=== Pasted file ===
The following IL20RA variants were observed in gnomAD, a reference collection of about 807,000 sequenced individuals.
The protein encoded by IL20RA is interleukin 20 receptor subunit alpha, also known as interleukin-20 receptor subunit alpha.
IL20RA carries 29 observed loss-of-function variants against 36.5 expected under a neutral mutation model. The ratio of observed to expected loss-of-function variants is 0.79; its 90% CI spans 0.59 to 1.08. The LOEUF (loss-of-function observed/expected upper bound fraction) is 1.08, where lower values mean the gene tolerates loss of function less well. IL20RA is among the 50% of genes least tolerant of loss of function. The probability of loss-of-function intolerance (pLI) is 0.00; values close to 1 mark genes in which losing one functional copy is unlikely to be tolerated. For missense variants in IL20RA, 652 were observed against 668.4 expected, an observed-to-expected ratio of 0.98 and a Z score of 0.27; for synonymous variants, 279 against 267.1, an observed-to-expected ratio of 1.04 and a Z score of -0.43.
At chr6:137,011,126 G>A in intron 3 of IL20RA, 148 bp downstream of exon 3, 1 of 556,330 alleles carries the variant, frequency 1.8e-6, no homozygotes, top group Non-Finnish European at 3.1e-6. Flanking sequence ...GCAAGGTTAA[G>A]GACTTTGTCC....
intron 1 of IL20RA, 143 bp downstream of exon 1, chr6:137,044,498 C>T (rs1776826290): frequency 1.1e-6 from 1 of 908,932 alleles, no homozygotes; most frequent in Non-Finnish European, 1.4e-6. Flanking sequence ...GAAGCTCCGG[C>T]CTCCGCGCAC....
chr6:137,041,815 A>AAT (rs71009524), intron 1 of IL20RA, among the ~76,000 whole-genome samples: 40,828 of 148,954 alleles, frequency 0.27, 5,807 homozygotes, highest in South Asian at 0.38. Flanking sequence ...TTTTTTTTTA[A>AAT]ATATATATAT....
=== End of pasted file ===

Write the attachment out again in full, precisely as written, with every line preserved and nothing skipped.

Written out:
The following IL20RA variants were observed in gnomAD, a reference collection of about 807,000 sequenced individuals.
The protein encoded by IL20RA is interleukin 20 receptor subunit alpha, also known as interleukin-20 receptor subunit alpha.
IL20RA carries 29 observed loss-of-function variants against 36.5 expected under a neutral mutation model. The ratio of observed to expected loss-of-function variants is 0.79; its 90% CI spans 0.59 to 1.08. The LOEUF (loss-of-function observed/expected upper bound fraction) is 1.08, where lower values mean the gene tolerates loss of function less well. IL20RA is among the 50% of genes least tolerant of loss of function. The probability of loss-of-function intolerance (pLI) is 0.00; values close to 1 mark genes in which losing one functional copy is unlikely to be tolerated. For missense variants in IL20RA, 652 were observed against 668.4 expected, an observed-to-expected ratio of 0.98 and a Z score of 0.27; for synonymous variants, 279 against 267.1, an observed-to-expected ratio of 1.04 and a Z score of -0.43.
At chr6:137,011,126 G>A in intron 3 of IL20RA, 148 bp downstream of exon 3, 1 of 556,330 alleles carries the variant, frequency 1.8e-6, no homozygotes, top group Non-Finnish European at 3.1e-6. Flanking sequence ...GCAAGGTTAA[G>A]GACTTTGTCC....
intron 1 of IL20RA, 143 bp downstream of exon 1, chr6:137,044,498 C>T (rs1776826290): frequency 1.1e-6 from 1 of 908,932 alleles, no homozygotes; most frequent in Non-Finnish European, 1.4e-6. Flanking sequence ...GAAGCTCCGG[C>T]CTCCGCGCAC....
chr6:137,041,815 A>AAT (rs71009524), intron 1 of IL20RA, among the ~76,000 whole-genome samples: 40,828 of 148,954 alleles, frequency 0.27, 5,807 homozygotes, highest in South Asian at 0.38. Flanking sequence ...TTTTTTTTTA[A>AAT]ATATATATAT....